Claims for professional negligence and negligent misrepresentation generally require a showing of some type of privity between the plaintiff and defendant. Direct contractual privity, by which the plaintiff contractually retained the defendant to provide services, is the easiest to prove. Even without a contractual relationship, however, a plaintiff may still prevail on such claims by demonstrating the existence of a privity-like relationship. As discussed below, determining whether a privity-like relationship is proven, or at the motion to dismiss stage adequately pleaded, is intensively fact-specific.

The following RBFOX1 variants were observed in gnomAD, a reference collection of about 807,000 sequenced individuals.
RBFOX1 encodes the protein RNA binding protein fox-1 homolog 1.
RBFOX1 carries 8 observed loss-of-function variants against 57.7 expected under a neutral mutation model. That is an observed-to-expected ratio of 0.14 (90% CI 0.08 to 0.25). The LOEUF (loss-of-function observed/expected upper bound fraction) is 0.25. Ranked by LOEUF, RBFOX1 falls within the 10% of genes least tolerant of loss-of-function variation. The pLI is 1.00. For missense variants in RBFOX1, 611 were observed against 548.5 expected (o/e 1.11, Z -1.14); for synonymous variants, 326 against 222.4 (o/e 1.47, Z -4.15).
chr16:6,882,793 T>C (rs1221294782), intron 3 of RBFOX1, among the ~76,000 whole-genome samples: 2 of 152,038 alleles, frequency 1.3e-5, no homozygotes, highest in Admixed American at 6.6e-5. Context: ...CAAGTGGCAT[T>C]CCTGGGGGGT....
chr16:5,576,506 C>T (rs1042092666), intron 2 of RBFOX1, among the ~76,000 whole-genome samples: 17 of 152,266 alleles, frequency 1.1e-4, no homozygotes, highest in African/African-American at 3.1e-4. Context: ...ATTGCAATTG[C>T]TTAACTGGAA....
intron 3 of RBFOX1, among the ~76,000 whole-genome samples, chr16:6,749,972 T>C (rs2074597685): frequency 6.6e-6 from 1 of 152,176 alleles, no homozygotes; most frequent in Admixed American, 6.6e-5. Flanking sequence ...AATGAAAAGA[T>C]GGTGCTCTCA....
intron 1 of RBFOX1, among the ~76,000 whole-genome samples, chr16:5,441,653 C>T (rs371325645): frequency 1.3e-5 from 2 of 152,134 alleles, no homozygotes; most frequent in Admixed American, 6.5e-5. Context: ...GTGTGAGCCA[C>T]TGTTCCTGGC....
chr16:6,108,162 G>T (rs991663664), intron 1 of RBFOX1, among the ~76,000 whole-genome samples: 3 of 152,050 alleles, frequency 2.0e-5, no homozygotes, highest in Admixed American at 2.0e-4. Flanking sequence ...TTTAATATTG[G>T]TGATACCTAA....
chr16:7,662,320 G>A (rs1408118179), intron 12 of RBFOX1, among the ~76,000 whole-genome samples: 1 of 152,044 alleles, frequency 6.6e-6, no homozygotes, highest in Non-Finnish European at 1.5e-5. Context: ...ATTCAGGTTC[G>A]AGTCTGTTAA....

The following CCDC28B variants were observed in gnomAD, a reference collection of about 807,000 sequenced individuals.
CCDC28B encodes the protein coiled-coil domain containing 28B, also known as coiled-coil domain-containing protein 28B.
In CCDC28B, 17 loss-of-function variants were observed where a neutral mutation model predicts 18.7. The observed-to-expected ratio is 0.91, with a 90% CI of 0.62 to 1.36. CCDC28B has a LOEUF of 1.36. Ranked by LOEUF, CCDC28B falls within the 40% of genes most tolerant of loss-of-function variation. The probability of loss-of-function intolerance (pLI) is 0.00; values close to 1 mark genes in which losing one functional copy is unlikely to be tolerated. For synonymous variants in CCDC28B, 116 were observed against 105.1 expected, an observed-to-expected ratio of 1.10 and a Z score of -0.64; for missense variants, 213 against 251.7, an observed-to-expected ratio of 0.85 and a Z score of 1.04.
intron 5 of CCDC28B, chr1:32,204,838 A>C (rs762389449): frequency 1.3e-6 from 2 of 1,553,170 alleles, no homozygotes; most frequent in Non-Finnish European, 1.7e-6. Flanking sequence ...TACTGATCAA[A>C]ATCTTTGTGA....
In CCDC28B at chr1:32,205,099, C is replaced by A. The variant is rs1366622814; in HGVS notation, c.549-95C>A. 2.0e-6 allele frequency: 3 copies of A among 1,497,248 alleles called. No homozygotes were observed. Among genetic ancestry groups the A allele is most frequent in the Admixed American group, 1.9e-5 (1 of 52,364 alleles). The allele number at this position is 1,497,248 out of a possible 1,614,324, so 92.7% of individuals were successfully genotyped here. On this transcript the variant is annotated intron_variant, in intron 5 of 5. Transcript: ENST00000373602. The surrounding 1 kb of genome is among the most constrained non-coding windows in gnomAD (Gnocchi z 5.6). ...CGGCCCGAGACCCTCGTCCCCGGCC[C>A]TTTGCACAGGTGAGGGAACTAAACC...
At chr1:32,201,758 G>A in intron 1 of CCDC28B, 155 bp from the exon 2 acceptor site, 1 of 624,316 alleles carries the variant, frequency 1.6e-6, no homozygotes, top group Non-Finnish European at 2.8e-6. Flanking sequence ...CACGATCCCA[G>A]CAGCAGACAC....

Read the full New York Law Journal article, "The ‘privity-like’ requirement for professional negligence and negligent misrepresentation claims."


Co-Head of Litigation and Disputes, New York
Co-Partner-in-Charge, New York

Recent publications

Subscribe and stay up to date with the latest legal news, information and events...